Freedom Cemetery


Corner of Osmun & Freedom Roads, Freedom, Cattaraugus County, N.Y.
[Cemetery Listing]
A Brief History by Barbara Henry © 2003

The Freedom Cemetery has an English Section and a Welsh Section called the Welsh Yard. Today, two separate organizations maintain the cemetery. The Welsh section is owned by the Freedom Cemetery Society and the English section by the Freedom Cemetery Association. A line of bushes provides the present-day division once marked by a stone fence. The layout and governance of the cemetery is rooted in history.

When the first Ebenezer Welsh Baptist Church was constructed on the Freedom Flats in 1843-44, Welsh immigrants set aside a portion of the site for use as a burial ground. Deacon John Lewis donated the land, located in the southwestern part of Lot 13 in the Town of Freedom. Nearby were the burials of English speaking Yankee settlers, who had settled in Freedom in the early decades of the 1800s. Rufus Metcalf, who came from Vermont in 1811, donated the land for the English section.

The earliest Welsh Yard burials are those of young children, including Phebe Ann Owens, age 9 months, daughter of John H. and Catharine Owens (1844); Mary Ann Higgins, age 3, daughter of John and Laura Higgins (1846); Hugh Jones, son of William and Elizabeth Jones (1847); George Phillips, age 1, son of David and Mary Ann Phillips (1847). Other Welsh burials of note include: Civil War soldiers, various Welsh Baptist church deacons and ministers, William H. Williams whose gravestone claims that he was “the first Welsh settler in Cattaraugus County” and Robert T. Williams, “father of the Welsh settlement.” A number of gravestones contain Welsh-language inscriptions and the deceadent’s place of origin in Wales. Over the years more burials were made until the Welsh Yard and the English Yard of the Freedom Cemetery became a microcosm of nineteenth-century Freedom, including the Yankees, the Scots, and the Welsh.

An English-speaking group split off from the Welsh-speaking Ebenezer Church in 1895 and formed the Bethel Baptist Church. Early on the Bethel trustees sought, but failed, to gain a division of the Ebenezer property which at that time included the burial yard surrounding the church building.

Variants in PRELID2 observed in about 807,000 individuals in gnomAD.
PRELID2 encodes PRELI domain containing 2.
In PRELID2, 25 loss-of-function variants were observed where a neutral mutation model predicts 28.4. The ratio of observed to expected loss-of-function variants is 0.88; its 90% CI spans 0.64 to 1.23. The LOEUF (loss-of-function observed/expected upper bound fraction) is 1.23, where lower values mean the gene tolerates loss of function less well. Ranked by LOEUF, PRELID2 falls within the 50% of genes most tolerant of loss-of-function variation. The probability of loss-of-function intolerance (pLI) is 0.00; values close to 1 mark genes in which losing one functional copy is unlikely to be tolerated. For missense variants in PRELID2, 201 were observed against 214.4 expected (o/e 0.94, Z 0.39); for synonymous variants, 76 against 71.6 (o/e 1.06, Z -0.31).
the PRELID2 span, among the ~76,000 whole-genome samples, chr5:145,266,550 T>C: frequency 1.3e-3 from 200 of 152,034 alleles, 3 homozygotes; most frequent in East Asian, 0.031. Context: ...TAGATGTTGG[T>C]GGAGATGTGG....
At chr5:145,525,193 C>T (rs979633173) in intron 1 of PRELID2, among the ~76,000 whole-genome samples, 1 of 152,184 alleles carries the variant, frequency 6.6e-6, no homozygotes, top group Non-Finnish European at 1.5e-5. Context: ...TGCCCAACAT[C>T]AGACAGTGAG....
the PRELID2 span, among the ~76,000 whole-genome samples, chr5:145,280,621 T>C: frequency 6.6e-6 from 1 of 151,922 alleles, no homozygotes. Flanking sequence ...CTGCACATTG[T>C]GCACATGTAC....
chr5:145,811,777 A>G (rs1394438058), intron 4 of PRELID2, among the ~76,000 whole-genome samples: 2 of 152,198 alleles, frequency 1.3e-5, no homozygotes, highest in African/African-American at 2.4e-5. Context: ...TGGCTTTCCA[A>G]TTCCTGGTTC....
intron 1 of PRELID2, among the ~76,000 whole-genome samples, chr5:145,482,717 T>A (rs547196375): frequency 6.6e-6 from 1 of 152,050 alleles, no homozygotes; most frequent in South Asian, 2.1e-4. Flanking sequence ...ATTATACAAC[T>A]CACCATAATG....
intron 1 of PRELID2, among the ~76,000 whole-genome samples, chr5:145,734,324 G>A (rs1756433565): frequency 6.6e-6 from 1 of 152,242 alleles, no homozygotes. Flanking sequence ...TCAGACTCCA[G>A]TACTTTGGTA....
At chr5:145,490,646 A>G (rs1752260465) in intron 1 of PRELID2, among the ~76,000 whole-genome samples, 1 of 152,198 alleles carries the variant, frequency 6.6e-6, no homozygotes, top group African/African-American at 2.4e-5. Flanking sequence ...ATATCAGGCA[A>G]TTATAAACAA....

In 1903 the English section of the cemetery incorporated. In November 1914, a well-attended meeting at the Ebenezer Church voted unanimously to incorporate the Welsh side of the cemetery. The directors of the newly incorporated Welsh section were: Robert J. Williams, William P. Morgan and David J. Morgan. It is not known if the Bethel Welsh were involved in the 1914 cemetery meeting, since as late as 1917 the Bethel and Ebenezer Welsh were still at odds with each other. Eventually, differences were resolved. In 1919 the Bethel and Ebenezer Welsh reunited to form the Freedom Baptist Church. In 1921 the stone wall which physically divided the English and Welsh sections was taken down.

In 1953 the Freedom Baptist Church moved to legally transfer ownership of the Ebenezer church building to the Freedom Cemetery with the stipulation that the church be maintained as a memorial and chapel. The cemetery rejected the idea and the transference was never completed. Until it fell in January 2001, the old Ebenezer church building belonged to the Freedom Baptist Church but the ground on which it rested belonged to the Freedom Cemetery Society. In 2003, an historic marker commemorating the Freedom area Welsh settlement was placed at the site by the Freedom Area Welsh Historic Marker Committee.

Early Welsh Yard burial records were no doubt contained in the Ebenezer church records. The location of these records is not known. However, an old lot map of the Welsh Yard survived. Besides the names of lot owners, the map, drawn on old fashioned oilcloth, features a primitive style painting of the church and cemetery, as it looked around the turn-of-the century. According to cemetery officials, cemetery records were destroyed in a fire. The Town of Freedom historian maintains alphabetical lists of gravestone inscriptions for both English and Welsh sections of the cemetery.

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